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Amanda Erickson cries and hugs following the graduation ceremony for Alconbury High School at Peterborough Cathedral in England on Friday. The school at RAF Alconbury, England, has held its ceremonies at the medieval cathedral since 1982.
Amanda Erickson cries and hugs following the graduation ceremony for Alconbury High School at Peterborough Cathedral in England on Friday. The school at RAF Alconbury, England, has held its ceremonies at the medieval cathedral since 1982. (Ron Jensen / S&S)

PETERBOROUGH, England — The medieval magnificence of Peterborough’s cavernous cathedral could barely contain the joy of 18 graduates from Alconbury High School on Friday evening.

With diplomas in hand at ceremony’s end, they walked through the 14th-century entrance into the low evening sunlight and let out “whoops” rarely heard in a sacred place of worship.

“Incredible,” said class salutatorian William Turner when asked how he felt. “It’s been so long. I’m finally at the end of high school.”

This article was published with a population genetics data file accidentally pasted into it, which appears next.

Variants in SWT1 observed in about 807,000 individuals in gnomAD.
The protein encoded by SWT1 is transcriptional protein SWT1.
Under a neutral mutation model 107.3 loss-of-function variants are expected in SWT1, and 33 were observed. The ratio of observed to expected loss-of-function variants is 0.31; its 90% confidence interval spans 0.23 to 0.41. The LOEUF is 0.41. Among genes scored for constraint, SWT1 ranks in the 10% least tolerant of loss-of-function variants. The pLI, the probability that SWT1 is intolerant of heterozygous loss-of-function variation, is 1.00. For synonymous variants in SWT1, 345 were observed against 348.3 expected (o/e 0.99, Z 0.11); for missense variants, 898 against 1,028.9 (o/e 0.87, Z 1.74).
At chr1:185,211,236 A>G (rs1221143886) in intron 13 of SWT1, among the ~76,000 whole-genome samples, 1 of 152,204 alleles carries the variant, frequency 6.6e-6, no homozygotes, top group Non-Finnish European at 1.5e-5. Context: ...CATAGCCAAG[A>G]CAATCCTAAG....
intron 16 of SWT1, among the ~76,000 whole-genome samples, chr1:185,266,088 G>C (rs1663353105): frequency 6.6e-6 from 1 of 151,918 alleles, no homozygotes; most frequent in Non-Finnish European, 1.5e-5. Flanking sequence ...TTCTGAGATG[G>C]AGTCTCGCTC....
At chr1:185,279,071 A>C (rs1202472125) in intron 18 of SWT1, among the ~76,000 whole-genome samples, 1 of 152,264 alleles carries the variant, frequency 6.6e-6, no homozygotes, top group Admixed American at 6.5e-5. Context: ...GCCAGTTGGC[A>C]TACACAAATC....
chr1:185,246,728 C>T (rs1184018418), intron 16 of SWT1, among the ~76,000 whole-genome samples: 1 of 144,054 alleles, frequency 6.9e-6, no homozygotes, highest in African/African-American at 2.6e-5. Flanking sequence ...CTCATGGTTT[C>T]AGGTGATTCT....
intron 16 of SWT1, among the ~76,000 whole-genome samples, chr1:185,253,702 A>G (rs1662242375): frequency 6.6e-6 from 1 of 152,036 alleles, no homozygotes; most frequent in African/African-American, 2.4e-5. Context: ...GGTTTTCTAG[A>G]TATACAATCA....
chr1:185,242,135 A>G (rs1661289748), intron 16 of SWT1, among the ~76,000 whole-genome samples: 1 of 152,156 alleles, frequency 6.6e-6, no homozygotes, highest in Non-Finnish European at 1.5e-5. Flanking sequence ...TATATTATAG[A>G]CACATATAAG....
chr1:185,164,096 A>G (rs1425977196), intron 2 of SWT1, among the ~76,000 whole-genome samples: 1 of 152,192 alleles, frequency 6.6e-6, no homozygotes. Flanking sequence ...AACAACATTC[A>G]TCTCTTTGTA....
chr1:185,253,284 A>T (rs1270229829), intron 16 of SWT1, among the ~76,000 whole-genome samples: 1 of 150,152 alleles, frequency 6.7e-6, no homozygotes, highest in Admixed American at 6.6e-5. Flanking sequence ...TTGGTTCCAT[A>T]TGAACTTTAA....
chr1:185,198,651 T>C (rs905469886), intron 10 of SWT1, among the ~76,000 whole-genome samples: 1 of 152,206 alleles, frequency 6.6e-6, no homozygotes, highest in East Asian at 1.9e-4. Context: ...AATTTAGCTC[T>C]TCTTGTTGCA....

No sadness for him, he said as he now prepares to study computer science in London.

Amanda Erickson, too, claimed to be happy, but the tears rolling down her cheeks as she hugged family and friends seemed to indicate otherwise.

“They’re happy tears,” she said in between hugs. She plans to attend Brigham Young University in Provo, Utah, but will remember the school at RAF Alconbury.

“It’s such a wonderful place,” she said.

The school has been holding its graduation ceremonies at the wonderful old cathedral since 1982. It is the place where Mary, Queen of Scots is buried. Katherine of Aragon, too, a wife of Henry VIII, is buried in the cathedral.

The main speaker of the evening was Lydia Evans, who was an Alconbury student four years ago. She left in her senior year when her Air Force father was transferred, so she never took part in the ceremony until Friday.

Evans, 22, a senior at the University of North Texas, lost both her legs and most of her fingers to bacterial meningitis nearly three years ago. But she referred to that only obliquely in her address.

Instead, she gave the students a pep talk, cautioning them not to go too fast or worry too much.

“I know the most important thing: You’re going to be OK,” she said. She recalled with fondness her days at Alconbury High School and mentioned by name several friends she had there, people with whom she is still in touch.

“The friends I met in the hallways have forever changed my life,” she said. “I strongly recommend putting forth the effort to keep these people in your life.”

Concluding, she said, “The world is ready for you. I’m proud to say, you are ready for the world.”

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